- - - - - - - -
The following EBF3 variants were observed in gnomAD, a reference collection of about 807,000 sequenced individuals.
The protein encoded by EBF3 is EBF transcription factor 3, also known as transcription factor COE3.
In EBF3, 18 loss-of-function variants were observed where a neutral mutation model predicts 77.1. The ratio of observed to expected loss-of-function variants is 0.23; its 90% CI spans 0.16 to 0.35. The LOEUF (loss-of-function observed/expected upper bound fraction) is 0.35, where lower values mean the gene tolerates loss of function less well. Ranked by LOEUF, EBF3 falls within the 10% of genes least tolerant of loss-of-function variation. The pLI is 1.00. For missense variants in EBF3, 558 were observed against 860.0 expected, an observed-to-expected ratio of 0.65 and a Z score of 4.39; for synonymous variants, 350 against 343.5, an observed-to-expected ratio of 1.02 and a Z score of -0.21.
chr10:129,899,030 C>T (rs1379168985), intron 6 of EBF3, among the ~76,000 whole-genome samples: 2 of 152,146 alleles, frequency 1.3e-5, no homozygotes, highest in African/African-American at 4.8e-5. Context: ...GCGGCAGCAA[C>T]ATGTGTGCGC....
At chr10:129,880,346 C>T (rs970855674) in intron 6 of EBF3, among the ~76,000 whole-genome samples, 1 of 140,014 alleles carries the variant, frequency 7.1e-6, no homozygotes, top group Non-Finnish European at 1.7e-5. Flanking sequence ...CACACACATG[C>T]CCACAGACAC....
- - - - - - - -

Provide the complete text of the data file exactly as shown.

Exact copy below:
The following EBF3 variants were observed in gnomAD, a reference collection of about 807,000 sequenced individuals.
The protein encoded by EBF3 is EBF transcription factor 3, also known as transcription factor COE3.
In EBF3, 18 loss-of-function variants were observed where a neutral mutation model predicts 77.1. The ratio of observed to expected loss-of-function variants is 0.23; its 90% CI spans 0.16 to 0.35. The LOEUF (loss-of-function observed/expected upper bound fraction) is 0.35, where lower values mean the gene tolerates loss of function less well. Ranked by LOEUF, EBF3 falls within the 10% of genes least tolerant of loss-of-function variation. The pLI is 1.00. For missense variants in EBF3, 558 were observed against 860.0 expected, an observed-to-expected ratio of 0.65 and a Z score of 4.39; for synonymous variants, 350 against 343.5, an observed-to-expected ratio of 1.02 and a Z score of -0.21.
chr10:129,899,030 C>T (rs1379168985), intron 6 of EBF3, among the ~76,000 whole-genome samples: 2 of 152,146 alleles, frequency 1.3e-5, no homozygotes, highest in African/African-American at 4.8e-5. Context: ...GCGGCAGCAA[C>T]ATGTGTGCGC....
At chr10:129,880,346 C>T (rs970855674) in intron 6 of EBF3, among the ~76,000 whole-genome samples, 1 of 140,014 alleles carries the variant, frequency 7.1e-6, no homozygotes, top group Non-Finnish European at 1.7e-5. Flanking sequence ...CACACACATG[C>T]CCACAGACAC....